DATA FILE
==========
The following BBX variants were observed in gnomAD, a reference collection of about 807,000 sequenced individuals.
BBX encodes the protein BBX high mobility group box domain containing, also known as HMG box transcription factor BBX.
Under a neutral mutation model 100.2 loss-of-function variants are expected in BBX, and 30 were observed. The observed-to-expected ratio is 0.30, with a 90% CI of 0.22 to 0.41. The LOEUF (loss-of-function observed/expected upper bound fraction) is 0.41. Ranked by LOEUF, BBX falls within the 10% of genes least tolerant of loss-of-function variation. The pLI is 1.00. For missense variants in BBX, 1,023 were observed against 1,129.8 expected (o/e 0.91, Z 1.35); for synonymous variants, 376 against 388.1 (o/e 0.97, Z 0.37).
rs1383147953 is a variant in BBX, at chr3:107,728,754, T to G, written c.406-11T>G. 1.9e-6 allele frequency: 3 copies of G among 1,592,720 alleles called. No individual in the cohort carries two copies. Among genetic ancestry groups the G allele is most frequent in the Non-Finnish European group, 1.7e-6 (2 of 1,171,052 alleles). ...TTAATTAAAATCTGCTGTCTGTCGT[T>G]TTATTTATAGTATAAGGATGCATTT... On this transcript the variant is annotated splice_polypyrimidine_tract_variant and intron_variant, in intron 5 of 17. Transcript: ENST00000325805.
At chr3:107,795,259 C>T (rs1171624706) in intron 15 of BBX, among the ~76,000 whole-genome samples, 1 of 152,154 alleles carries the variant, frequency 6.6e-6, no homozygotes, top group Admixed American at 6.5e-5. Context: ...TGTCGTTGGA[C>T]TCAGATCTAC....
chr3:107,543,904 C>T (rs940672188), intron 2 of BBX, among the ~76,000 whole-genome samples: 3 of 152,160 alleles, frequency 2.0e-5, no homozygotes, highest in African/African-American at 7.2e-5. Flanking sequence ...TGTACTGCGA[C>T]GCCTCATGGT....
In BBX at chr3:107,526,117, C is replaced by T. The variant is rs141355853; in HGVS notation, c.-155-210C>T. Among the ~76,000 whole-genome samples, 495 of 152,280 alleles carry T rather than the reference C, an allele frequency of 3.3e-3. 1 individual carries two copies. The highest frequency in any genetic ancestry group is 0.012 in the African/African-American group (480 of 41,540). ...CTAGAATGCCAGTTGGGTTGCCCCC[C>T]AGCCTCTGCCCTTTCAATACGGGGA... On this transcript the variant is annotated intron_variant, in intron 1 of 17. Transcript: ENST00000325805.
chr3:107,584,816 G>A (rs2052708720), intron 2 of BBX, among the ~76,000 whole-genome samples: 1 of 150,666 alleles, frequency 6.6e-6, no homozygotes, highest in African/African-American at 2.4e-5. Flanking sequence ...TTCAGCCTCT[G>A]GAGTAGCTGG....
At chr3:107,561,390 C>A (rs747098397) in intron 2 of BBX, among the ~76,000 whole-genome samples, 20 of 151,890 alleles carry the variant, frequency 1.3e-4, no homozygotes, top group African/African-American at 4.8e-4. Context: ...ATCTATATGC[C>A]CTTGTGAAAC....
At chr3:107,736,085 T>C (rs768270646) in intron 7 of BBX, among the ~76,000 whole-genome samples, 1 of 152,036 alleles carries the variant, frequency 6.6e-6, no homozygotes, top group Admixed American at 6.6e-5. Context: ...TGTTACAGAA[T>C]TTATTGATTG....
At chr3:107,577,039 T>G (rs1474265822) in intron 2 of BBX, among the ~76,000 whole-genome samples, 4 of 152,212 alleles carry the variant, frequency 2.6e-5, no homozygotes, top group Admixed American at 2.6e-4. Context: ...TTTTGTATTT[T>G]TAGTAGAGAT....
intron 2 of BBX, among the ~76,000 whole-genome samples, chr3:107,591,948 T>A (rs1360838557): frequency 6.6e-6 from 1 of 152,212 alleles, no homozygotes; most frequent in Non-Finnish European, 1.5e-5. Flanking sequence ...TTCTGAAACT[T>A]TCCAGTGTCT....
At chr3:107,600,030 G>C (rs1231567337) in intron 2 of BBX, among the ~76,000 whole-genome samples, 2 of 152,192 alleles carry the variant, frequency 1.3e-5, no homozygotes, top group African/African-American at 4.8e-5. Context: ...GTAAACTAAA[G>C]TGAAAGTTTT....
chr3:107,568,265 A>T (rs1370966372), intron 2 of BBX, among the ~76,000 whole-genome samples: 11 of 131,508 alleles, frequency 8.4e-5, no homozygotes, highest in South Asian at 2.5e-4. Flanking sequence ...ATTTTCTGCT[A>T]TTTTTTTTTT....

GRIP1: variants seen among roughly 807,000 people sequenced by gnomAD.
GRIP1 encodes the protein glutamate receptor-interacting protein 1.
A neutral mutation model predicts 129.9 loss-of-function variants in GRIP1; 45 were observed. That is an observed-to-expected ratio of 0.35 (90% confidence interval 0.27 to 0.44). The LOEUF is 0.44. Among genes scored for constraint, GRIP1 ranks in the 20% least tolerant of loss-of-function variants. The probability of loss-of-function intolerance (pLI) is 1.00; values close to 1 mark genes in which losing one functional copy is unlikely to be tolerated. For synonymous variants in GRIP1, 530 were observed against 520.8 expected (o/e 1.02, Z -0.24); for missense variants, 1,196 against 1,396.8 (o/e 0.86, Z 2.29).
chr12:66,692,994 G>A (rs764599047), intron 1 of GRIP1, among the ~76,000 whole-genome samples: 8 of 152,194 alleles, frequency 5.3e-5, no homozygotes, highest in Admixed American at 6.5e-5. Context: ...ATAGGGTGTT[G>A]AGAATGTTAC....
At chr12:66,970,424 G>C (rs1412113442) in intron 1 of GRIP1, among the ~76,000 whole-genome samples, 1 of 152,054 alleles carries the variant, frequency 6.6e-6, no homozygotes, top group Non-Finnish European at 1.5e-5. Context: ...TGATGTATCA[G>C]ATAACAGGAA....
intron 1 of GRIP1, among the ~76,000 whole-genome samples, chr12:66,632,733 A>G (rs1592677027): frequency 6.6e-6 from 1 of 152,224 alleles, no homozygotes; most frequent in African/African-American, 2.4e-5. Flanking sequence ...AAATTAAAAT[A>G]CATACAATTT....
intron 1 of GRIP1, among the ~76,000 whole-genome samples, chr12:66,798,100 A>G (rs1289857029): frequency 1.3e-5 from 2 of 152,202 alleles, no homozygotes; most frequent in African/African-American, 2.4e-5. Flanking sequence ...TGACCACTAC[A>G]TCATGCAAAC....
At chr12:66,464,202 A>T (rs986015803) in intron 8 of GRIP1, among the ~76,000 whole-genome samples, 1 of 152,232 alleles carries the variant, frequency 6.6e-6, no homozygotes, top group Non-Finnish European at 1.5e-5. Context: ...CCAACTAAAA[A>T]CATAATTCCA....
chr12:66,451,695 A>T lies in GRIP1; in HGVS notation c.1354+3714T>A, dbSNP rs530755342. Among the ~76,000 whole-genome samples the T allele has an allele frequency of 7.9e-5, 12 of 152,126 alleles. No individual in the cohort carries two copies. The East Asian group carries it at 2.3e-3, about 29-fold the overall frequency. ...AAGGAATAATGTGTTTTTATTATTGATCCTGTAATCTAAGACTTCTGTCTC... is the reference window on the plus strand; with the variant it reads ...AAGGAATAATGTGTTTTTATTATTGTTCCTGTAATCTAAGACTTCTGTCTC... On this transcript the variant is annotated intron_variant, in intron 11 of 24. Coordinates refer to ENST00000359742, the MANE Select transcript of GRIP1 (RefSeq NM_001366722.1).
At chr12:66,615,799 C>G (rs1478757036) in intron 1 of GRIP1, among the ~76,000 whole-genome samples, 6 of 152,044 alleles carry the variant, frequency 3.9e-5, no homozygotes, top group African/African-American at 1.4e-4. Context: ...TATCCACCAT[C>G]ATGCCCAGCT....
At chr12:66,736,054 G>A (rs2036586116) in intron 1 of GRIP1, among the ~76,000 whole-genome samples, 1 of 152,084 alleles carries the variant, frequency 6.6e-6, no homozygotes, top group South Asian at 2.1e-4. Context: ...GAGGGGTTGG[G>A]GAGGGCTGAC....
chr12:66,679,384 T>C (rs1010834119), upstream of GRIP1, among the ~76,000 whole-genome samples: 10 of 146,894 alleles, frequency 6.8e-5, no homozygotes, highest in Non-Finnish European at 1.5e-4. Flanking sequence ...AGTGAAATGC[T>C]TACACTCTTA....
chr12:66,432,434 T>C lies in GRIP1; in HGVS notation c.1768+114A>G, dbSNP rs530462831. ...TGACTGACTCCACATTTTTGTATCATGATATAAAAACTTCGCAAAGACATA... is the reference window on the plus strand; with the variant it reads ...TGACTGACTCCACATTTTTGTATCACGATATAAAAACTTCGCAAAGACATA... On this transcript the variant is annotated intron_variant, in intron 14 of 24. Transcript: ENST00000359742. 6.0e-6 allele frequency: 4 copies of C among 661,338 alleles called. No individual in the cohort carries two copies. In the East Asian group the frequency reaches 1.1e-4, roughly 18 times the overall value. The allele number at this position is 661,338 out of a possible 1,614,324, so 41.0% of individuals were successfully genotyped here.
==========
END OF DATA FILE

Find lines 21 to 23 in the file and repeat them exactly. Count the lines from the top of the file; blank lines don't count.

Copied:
intron 1 of GRIP1, among the ~76,000 whole-genome samples, chr12:66,798,100 A>G (rs1289857029): frequency 1.3e-5 from 2 of 152,202 alleles, no homozygotes; most frequent in African/African-American, 2.4e-5. Flanking sequence ...TGACCACTAC[A>G]TCATGCAAAC....
At chr12:66,464,202 A>T (rs986015803) in intron 8 of GRIP1, among the ~76,000 whole-genome samples, 1 of 152,232 alleles carries the variant, frequency 6.6e-6, no homozygotes, top group Non-Finnish European at 1.5e-5. Context: ...CCAACTAAAA[A>T]CATAATTCCA....
chr12:66,451,695 A>T lies in GRIP1; in HGVS notation c.1354+3714T>A, dbSNP rs530755342. Among the ~76,000 whole-genome samples the T allele has an allele frequency of 7.9e-5, 12 of 152,126 alleles. No individual in the cohort carries two copies. The East Asian group carries it at 2.3e-3, about 29-fold the overall frequency. ...AAGGAATAATGTGTTTTTATTATTGATCCTGTAATCTAAGACTTCTGTCTC... is the reference window on the plus strand; with the variant it reads ...AAGGAATAATGTGTTTTTATTATTGTTCCTGTAATCTAAGACTTCTGTCTC... On this transcript the variant is annotated intron_variant, in intron 11 of 24. Coordinates refer to ENST00000359742, the MANE Select transcript of GRIP1 (RefSeq NM_001366722.1).